Lin is most definitely serviceable, but the aura of Super Lintendo demands more than competency. The likelihood, however, is that Lin carves his niche as an average to slightly above average point guard.
He should contribute in numerous ways for Houston, but any anticipation about him developing into an All-Star should be destroyed. In a league laden with ultra-talented point guards, he falls in the middle of the pack.
There are numerous point guards who lack a consistent jump shot, such as Rajon Rondo. Yet, they are so proficient in other areas that they remain elite weapons.
Overall, he is fairly adept at maneuvering into the lane for a decent look, and his mark at the rim is stellar.
However, a consistent outside jump shot would serve him greatly, but so far, he hasn't found a steady groove in this area.
The chart below details his percentages from various distances in 2012-13.
Playing alongside Harden (who commands much off-the-ball attention) and blossoming wing Chandler Parsons, it would dramatically enhance Houston's attack if Lin could knock down jumpers at a quality rate.
Instead, opponents can willingly leave Lin open and take their chances on his streaky shot.
Until Lin develops a proven jumper, his offensive repertoire remains limited.
He has apparently tweaked his shot in the offseason, so his percentages could be ascending. However, while he may improve things marginally, it's doubtful he makes major progressions. His shooting touch requires a drastic change before this really becomes an asset.
The Presence of Patrick Beverley
Perhaps what could strain Lin the most from reaching expectations is the presence of 25-year-old guard Patrick Beverley.
Beverley became a featured part of Houston's backcourt late in the 2012-13 campaign, especially during the postseason when he averaged 33.8 minutes per outing.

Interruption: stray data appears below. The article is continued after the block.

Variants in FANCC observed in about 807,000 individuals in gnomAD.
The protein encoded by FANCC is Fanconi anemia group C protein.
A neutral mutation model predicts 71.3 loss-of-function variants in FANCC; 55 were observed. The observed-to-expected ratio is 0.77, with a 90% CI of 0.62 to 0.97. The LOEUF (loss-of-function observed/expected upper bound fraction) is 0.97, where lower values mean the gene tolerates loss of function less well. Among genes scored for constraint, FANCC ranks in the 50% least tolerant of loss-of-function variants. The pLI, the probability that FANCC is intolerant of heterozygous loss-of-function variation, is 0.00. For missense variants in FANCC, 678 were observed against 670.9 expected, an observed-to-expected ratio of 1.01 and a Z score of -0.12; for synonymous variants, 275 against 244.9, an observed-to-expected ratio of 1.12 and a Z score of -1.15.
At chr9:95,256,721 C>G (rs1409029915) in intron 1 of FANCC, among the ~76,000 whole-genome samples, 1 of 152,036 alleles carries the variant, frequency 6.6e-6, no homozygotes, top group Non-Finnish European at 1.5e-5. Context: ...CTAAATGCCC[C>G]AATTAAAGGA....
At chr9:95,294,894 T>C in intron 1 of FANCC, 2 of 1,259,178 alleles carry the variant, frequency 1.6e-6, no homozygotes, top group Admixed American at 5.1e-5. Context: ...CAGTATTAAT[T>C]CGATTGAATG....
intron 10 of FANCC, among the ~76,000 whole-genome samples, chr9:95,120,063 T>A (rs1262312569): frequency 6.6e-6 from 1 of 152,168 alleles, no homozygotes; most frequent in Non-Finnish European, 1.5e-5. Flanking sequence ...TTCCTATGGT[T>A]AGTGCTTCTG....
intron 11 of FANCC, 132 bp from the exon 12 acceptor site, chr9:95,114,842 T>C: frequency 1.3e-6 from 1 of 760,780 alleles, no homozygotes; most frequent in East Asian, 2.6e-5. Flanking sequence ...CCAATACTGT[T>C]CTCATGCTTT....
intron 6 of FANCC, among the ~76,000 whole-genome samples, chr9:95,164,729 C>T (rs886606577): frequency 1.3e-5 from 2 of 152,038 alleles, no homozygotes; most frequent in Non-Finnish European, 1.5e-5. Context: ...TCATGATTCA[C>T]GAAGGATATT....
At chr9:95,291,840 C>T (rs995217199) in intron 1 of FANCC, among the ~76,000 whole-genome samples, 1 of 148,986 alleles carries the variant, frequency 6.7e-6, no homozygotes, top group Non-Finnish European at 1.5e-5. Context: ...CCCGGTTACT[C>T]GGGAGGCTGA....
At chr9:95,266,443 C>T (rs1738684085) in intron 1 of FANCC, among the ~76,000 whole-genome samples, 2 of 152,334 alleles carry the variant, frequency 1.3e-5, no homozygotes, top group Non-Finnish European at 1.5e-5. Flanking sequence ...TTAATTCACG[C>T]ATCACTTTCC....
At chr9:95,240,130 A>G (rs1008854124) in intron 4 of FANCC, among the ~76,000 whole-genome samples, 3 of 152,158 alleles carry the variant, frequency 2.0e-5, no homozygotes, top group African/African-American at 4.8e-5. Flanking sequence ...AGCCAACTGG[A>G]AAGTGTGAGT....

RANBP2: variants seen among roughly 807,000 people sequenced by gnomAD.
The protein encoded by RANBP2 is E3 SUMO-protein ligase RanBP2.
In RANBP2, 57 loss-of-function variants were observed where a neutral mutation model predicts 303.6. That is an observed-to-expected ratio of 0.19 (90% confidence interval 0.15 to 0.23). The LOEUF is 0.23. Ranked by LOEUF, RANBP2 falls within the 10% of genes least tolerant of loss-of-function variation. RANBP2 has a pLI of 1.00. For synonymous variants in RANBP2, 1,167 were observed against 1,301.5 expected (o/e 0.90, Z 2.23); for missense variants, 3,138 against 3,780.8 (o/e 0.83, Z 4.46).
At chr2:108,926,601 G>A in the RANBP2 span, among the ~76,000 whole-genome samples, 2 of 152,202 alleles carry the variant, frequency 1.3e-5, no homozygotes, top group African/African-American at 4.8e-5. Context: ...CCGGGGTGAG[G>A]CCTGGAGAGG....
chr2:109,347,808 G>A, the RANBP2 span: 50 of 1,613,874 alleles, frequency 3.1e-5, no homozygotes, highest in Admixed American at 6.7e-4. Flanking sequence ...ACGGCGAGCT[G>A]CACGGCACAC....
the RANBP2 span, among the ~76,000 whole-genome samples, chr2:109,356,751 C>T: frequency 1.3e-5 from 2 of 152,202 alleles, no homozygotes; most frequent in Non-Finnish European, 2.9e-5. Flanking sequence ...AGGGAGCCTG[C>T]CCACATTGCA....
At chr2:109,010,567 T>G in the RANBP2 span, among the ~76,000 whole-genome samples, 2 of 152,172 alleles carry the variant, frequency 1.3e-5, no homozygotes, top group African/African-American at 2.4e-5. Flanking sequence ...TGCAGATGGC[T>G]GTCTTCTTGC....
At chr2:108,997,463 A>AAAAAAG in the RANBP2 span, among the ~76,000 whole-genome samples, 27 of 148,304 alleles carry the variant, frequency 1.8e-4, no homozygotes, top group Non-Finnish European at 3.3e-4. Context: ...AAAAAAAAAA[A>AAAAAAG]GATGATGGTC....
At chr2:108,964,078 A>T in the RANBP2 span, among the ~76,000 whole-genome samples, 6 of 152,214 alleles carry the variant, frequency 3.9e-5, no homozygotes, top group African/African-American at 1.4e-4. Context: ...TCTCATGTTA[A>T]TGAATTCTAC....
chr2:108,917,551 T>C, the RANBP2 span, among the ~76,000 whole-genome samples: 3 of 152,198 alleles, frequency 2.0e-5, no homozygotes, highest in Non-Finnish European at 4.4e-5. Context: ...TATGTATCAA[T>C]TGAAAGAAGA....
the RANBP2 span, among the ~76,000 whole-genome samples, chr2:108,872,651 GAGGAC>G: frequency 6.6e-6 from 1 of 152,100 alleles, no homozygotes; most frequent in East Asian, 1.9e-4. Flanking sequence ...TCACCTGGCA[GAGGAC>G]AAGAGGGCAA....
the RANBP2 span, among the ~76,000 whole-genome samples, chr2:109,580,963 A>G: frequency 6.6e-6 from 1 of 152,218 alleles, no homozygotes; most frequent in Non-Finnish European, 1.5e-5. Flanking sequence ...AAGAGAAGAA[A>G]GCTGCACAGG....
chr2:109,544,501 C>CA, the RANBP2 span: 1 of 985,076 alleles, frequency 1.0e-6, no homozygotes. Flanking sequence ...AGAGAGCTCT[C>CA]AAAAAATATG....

If he continues his ascent, then he'll inevitably cut into Lin's playing time. Truthfully, it's not unreasonable to wonder if Lin could wind up coming off the bench behind Beverley.
We know for certain that Harden, Howard, Parsons and Omer Asik will log significant minutes in every game. Therefore, Lin and Beverly could potentially split time in the rotation as they battle for a more involved role.
As a result, Lin may have limited opportunities to showcase his worth, because he could find himself in a 15-25 MPG niche if Beverley continues to impress.
He Can Still Play a Vital Role
This all reveals that Lin is unlikely to meet the expectations he was handed amid the Linsanity craze. But here's the thing: This doesn't mean Lin should be pegged as a disappointment.
He was thrown expectations too early, before teams could strategize against his tendencies. He had a hard time adjusting once teams figured him out in 2012-13, but he was by no means completely inept.
He still brings much to the table, some of which could vitally strengthen a Houston squad with their eyes on an NBA Finals run.
This is especially important since pressure is gone from Lin as Howard and Harden are their clear superstars. Lin doesn't need to be remarkable, he just needs to be a piece to their championship puzzle. He could ultimately be their X-factor or spark plug, and while this may not seem "linsane," it's still significant.
Lin probably won't attain the expectations cultivated during Linsanity, but he'll likely execute what's expected from him within the Rockets organization. And there's nothing wrong with that.